Completing Thru-Hiking’s Triple Crown is a magnanimous feat, a rigorous achievement reserved only for the strongest, most determined long-distance hikers.

Those who set out to accomplish the trifecta — which includes traversing the Appalachian Trail (AT), the Pacific Crest Trail (PCT), and the Continental Divide Trail (CDT) — must withstand inhuman tests of endurance. They must hike almost 8,000 miles; conquer over one million feet in elevation gain; cross rivers, deserts, and countless mountains; and survive harsh weather conditions that bombard the trails with relentless rain, wind, and snow.

Fewer than 350 adventurers have triumphed over all three trails. One of them, Christian Thomas, logged his final step in September 2017.

He is nine years old.

Christian, who completed the hikes with his mother, Andrea Rego, and stepfather, Dion Pagonis, concluded the last 1,200-mile leg of his CDT section-hike at Old Faithful in Yellowstone National Park. When he reached the famous geyser, he officially became the youngest person to finish the Triple Crown, having completed the AT in 2012 (at age five) and the PCT only two years after that.

He said that, while standing in front of Old Faithful, he felt not only “super happy,” but incredibly proud of himself.

Finishing the CDT concluded an adventure Christian has been on for almost half of his life. He originally got into backpacking as a way to fill his time during his hometown’s offseason. His family is from Crested Butte, a mountain town in the Rockies of Colorado that virtually shuts down during the frigid winters. They decided to search for something fun to do and heard about the Appalachian Trail, a little 2,200-mile path in the woods on the other side of the country. Thinking it sounded fun, Christian and his family began practicing backpacking in Colorado, preparing to set-off on the AT the following spring.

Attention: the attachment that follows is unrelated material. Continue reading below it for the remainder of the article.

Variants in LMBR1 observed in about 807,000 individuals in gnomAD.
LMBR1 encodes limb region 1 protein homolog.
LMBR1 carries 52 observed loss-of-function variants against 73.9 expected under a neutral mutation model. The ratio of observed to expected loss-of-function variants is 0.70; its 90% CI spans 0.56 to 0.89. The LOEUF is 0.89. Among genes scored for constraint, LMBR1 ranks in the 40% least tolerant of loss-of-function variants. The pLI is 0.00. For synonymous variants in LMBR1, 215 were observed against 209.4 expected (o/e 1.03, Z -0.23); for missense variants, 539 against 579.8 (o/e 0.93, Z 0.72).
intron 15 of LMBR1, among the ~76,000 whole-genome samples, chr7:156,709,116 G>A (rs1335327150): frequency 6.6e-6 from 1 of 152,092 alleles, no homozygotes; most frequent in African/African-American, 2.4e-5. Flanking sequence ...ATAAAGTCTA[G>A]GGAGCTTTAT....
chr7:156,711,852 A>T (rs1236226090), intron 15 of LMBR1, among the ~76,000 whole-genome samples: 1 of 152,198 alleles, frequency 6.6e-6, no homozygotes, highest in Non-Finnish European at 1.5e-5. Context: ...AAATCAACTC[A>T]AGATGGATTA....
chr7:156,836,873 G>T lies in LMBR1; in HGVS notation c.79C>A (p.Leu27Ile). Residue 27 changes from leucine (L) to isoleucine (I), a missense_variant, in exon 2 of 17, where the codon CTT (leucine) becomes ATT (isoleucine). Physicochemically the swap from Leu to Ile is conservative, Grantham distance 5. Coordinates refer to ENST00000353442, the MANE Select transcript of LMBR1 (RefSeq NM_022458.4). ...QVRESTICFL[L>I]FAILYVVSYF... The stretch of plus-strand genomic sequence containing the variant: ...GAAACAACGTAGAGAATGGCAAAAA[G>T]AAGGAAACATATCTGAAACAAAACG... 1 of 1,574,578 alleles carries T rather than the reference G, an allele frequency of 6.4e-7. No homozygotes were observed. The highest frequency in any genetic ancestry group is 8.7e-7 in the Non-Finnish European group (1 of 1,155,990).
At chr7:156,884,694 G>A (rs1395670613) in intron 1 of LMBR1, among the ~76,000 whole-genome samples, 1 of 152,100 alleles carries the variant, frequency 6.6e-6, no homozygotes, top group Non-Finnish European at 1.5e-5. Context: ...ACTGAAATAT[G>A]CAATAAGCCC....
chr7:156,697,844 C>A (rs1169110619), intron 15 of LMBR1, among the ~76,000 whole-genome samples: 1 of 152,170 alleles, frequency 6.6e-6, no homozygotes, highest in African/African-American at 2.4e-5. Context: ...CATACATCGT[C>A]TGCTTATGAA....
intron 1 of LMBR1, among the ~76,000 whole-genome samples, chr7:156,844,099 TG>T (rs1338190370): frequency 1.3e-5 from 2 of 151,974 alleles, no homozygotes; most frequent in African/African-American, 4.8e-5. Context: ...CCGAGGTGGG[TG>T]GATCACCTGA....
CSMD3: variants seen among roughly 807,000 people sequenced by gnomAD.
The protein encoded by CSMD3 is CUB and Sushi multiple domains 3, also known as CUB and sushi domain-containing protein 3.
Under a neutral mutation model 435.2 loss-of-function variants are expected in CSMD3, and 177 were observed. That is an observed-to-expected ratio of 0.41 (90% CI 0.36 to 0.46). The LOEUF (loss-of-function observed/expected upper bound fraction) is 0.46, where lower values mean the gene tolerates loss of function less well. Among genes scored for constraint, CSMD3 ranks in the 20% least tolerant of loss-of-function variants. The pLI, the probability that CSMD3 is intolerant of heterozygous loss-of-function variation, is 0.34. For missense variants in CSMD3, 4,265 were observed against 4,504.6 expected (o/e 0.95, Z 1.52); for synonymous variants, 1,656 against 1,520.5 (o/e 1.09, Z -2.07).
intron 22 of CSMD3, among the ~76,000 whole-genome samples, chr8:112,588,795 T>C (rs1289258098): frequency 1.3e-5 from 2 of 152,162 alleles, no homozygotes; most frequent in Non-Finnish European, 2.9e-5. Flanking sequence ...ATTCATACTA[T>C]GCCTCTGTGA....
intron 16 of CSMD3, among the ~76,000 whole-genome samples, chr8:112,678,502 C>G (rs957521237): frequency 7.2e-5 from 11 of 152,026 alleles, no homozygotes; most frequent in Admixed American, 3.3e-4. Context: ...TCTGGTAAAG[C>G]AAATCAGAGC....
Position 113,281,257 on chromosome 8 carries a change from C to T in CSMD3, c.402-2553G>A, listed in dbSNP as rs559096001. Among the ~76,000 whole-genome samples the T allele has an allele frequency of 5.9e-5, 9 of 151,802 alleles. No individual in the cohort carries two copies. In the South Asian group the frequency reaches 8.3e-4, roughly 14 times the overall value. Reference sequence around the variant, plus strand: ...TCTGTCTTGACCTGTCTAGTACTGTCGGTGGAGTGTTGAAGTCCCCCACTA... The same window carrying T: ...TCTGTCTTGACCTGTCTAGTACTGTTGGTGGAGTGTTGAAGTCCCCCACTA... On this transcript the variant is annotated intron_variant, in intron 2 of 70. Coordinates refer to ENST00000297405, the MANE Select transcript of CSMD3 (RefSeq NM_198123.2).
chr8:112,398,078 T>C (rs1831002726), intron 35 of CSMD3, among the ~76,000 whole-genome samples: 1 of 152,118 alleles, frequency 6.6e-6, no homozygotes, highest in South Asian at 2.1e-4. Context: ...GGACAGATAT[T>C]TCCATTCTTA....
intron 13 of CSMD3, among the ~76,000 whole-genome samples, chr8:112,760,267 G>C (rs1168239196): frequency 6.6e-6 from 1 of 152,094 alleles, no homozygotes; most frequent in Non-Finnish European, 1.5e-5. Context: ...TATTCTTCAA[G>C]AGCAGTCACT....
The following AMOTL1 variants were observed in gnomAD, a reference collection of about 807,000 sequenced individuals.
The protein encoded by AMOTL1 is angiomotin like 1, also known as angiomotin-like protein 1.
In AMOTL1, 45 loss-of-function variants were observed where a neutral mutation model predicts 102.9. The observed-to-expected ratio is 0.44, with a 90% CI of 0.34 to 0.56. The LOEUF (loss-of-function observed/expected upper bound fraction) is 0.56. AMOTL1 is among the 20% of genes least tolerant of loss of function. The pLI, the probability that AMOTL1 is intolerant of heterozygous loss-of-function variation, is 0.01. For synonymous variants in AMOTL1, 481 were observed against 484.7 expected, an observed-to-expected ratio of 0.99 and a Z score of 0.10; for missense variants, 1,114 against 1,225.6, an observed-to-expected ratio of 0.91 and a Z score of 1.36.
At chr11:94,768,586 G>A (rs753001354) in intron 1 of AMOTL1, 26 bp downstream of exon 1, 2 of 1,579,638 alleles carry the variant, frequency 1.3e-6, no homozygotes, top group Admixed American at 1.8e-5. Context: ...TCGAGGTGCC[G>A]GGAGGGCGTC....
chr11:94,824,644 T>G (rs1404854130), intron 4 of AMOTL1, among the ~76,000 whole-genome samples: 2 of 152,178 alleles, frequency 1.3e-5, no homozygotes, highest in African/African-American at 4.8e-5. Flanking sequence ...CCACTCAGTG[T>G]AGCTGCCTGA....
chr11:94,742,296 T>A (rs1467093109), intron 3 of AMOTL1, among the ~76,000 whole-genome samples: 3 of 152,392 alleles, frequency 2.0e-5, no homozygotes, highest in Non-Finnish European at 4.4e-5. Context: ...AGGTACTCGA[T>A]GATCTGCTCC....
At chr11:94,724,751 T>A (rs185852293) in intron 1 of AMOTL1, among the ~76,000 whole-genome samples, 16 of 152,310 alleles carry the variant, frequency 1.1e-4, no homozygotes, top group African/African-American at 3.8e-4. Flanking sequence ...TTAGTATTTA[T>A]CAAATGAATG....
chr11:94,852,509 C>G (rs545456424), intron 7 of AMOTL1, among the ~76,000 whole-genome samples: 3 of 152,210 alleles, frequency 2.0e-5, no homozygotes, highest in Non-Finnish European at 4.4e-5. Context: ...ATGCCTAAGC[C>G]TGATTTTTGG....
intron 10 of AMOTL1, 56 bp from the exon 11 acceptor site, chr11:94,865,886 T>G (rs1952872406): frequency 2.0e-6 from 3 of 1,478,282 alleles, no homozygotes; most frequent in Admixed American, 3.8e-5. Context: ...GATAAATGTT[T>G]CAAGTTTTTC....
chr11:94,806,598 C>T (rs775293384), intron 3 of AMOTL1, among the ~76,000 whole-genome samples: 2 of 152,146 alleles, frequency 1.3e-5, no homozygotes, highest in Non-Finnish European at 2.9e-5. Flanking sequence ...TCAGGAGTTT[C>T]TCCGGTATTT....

Though they only planned for a brief section hike starting in Harper’s Ferry, West Virginia, they decided to keep going.

“We went out to start it, and we just started doing it and doing it until we finished,” Christian said.

After logging their final mile on the AT, young Christian heard about the Triple Crown and decided to set his sights on the PCT next, a trail he would complete two years later at the age of seven.

Though long-distance hiking is often a solitary affair, those who call the trail home for months on end often form close relationships with their fellow hikers, brought together by their mutual suffering and shared love of nature. Christian met many friends along the way, including older hikers with eccentric trail names like Flip-Flopper and Old School. Whenever he stopped to talk with someone, they would always address him by saying, “Hey, Buddy!” inspiring a trail name of his own — Buddy Backpacker.

When talking with Buddy, it becomes apparent that he succeeded, in part, because of his young age, not in spite of it. Embodied with a youthful optimism and indomitable spirit, he simply did not see failure as an option. When asked how he managed to stay positive and energetic on the long and miserable days familiar to anyone who has embarked on a backpacking journey, Buddy made it clear that the only thing he had to do was continue putting one foot in front of the other.

“I just say, you know, ‘I have to do it,’” he said. “Just keep going.”

Buddy also turned to podcasts in order to pass his time on the trail, tuning in to radio serials such as “The Alien Adventures of Finn Caspian” and “The Radio Adventures of Dr. Floyd” to zone out as the miles went by. Andrea explained that Buddy has always loved stories, and he often listens to podcasts and audiobooks during long car rides. Backpacking has allowed him to continue listening while immersing himself in beautiful outdoor settings.

After completing the PCT, Buddy and his family spent the next couple of years section-hiking the Continental Divide Trail, which he said was both his favorite and the most difficult. Traversing the section through the deserts of New Mexico was especially challenging.

At nine years old, with one of the outdoor world’s most elusive achievements under his belt, Buddy isn’t exactly sure of what he wants to do in the coming years. But he is positive that he’s found his calling.

“We don’t really know [what’s next],” he said. “But we know that it’s going to involve hiking.”